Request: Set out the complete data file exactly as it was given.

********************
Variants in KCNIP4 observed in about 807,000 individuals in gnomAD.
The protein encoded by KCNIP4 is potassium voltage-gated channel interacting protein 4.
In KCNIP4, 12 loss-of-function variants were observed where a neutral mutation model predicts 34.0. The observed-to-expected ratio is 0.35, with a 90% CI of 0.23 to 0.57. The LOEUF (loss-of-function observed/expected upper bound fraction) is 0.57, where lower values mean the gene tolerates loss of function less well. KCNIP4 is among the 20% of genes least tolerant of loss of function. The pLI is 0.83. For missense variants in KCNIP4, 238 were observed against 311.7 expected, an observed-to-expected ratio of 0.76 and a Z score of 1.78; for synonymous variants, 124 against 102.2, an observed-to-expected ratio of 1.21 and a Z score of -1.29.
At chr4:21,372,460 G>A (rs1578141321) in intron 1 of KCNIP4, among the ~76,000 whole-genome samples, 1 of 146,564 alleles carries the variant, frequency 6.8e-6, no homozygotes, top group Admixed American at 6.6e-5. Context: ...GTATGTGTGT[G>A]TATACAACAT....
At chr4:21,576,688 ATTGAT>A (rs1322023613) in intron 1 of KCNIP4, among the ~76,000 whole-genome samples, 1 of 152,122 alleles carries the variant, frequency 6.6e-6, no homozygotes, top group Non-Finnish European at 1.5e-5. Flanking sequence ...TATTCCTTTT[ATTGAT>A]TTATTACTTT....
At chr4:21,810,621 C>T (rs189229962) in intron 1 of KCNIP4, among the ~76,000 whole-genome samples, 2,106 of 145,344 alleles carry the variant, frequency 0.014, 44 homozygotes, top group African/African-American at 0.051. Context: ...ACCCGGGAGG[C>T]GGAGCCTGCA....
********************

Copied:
Variants in KCNIP4 observed in about 807,000 individuals in gnomAD.
The protein encoded by KCNIP4 is potassium voltage-gated channel interacting protein 4.
In KCNIP4, 12 loss-of-function variants were observed where a neutral mutation model predicts 34.0. The observed-to-expected ratio is 0.35, with a 90% CI of 0.23 to 0.57. The LOEUF (loss-of-function observed/expected upper bound fraction) is 0.57, where lower values mean the gene tolerates loss of function less well. KCNIP4 is among the 20% of genes least tolerant of loss of function. The pLI is 0.83. For missense variants in KCNIP4, 238 were observed against 311.7 expected, an observed-to-expected ratio of 0.76 and a Z score of 1.78; for synonymous variants, 124 against 102.2, an observed-to-expected ratio of 1.21 and a Z score of -1.29.
At chr4:21,372,460 G>A (rs1578141321) in intron 1 of KCNIP4, among the ~76,000 whole-genome samples, 1 of 146,564 alleles carries the variant, frequency 6.8e-6, no homozygotes, top group Admixed American at 6.6e-5. Context: ...GTATGTGTGT[G>A]TATACAACAT....
At chr4:21,576,688 ATTGAT>A (rs1322023613) in intron 1 of KCNIP4, among the ~76,000 whole-genome samples, 1 of 152,122 alleles carries the variant, frequency 6.6e-6, no homozygotes, top group Non-Finnish European at 1.5e-5. Flanking sequence ...TATTCCTTTT[ATTGAT>A]TTATTACTTT....
At chr4:21,810,621 C>T (rs189229962) in intron 1 of KCNIP4, among the ~76,000 whole-genome samples, 2,106 of 145,344 alleles carry the variant, frequency 0.014, 44 homozygotes, top group African/African-American at 0.051. Context: ...ACCCGGGAGG[C>T]GGAGCCTGCA....